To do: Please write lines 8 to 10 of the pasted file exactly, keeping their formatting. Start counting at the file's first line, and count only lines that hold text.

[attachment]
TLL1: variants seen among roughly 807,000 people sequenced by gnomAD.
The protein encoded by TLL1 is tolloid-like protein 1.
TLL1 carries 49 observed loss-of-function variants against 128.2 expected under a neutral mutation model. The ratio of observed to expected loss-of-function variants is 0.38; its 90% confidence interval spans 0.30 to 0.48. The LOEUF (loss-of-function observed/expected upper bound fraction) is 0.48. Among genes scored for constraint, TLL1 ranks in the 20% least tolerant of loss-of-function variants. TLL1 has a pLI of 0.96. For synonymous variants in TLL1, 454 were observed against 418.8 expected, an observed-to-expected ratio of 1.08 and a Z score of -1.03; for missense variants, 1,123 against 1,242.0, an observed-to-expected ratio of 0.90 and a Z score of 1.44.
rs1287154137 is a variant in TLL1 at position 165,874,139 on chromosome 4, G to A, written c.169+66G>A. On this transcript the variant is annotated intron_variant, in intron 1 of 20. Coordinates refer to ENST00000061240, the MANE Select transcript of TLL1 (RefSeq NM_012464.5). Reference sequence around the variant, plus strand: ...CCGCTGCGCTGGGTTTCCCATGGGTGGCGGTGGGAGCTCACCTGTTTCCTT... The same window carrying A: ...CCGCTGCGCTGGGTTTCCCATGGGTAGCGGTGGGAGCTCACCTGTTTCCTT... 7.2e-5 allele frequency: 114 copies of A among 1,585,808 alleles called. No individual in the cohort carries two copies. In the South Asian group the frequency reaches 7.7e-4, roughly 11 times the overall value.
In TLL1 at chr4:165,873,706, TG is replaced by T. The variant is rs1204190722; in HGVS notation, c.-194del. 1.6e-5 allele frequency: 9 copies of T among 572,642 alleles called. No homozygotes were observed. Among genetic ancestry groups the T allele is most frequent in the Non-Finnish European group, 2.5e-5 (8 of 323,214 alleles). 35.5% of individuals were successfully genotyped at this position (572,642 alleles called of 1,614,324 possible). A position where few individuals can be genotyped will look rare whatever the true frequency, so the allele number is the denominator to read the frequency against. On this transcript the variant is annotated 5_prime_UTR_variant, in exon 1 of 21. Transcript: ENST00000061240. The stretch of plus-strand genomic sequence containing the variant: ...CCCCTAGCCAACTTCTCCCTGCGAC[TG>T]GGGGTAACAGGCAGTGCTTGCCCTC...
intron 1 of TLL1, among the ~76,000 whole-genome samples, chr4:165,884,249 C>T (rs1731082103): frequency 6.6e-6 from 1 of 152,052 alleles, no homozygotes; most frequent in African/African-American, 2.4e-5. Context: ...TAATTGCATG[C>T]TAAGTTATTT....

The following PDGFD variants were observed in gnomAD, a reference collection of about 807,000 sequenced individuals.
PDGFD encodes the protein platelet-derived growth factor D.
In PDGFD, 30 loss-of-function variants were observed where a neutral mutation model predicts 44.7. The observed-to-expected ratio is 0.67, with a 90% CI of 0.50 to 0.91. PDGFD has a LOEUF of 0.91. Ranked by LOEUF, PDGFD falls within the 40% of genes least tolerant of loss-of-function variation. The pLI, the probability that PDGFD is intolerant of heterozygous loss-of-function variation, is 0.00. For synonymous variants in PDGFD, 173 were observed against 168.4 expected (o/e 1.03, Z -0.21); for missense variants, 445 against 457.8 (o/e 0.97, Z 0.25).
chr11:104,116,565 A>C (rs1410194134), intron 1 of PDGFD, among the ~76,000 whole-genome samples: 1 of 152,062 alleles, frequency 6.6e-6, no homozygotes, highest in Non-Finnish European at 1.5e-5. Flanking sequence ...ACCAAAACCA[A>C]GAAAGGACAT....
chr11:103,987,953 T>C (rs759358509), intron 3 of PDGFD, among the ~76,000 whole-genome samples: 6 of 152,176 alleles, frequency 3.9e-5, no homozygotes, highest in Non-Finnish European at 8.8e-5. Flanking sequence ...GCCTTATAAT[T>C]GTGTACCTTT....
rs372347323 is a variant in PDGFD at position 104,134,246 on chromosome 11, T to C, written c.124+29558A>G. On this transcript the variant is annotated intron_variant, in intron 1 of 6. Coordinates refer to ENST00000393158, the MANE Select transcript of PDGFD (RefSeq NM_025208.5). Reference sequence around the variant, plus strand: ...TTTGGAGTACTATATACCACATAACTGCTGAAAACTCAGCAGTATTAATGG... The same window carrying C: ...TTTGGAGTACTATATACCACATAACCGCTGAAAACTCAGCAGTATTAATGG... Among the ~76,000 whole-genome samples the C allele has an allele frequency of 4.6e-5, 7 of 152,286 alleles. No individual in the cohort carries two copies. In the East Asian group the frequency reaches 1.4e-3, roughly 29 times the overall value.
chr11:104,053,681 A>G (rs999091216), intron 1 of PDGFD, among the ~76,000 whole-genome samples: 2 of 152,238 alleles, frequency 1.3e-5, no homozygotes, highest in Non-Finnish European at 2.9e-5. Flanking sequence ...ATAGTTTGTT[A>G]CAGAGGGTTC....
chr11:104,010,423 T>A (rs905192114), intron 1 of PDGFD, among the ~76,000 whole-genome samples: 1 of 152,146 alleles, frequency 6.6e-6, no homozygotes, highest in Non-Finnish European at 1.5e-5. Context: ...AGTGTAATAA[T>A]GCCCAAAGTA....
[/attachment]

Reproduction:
PDGFD encodes the protein platelet-derived growth factor D.
In PDGFD, 30 loss-of-function variants were observed where a neutral mutation model predicts 44.7. The observed-to-expected ratio is 0.67, with a 90% CI of 0.50 to 0.91. PDGFD has a LOEUF of 0.91. Ranked by LOEUF, PDGFD falls within the 40% of genes least tolerant of loss-of-function variation. The pLI, the probability that PDGFD is intolerant of heterozygous loss-of-function variation, is 0.00. For synonymous variants in PDGFD, 173 were observed against 168.4 expected (o/e 1.03, Z -0.21); for missense variants, 445 against 457.8 (o/e 0.97, Z 0.25).
chr11:104,116,565 A>C (rs1410194134), intron 1 of PDGFD, among the ~76,000 whole-genome samples: 1 of 152,062 alleles, frequency 6.6e-6, no homozygotes, highest in Non-Finnish European at 1.5e-5. Flanking sequence ...ACCAAAACCA[A>C]GAAAGGACAT....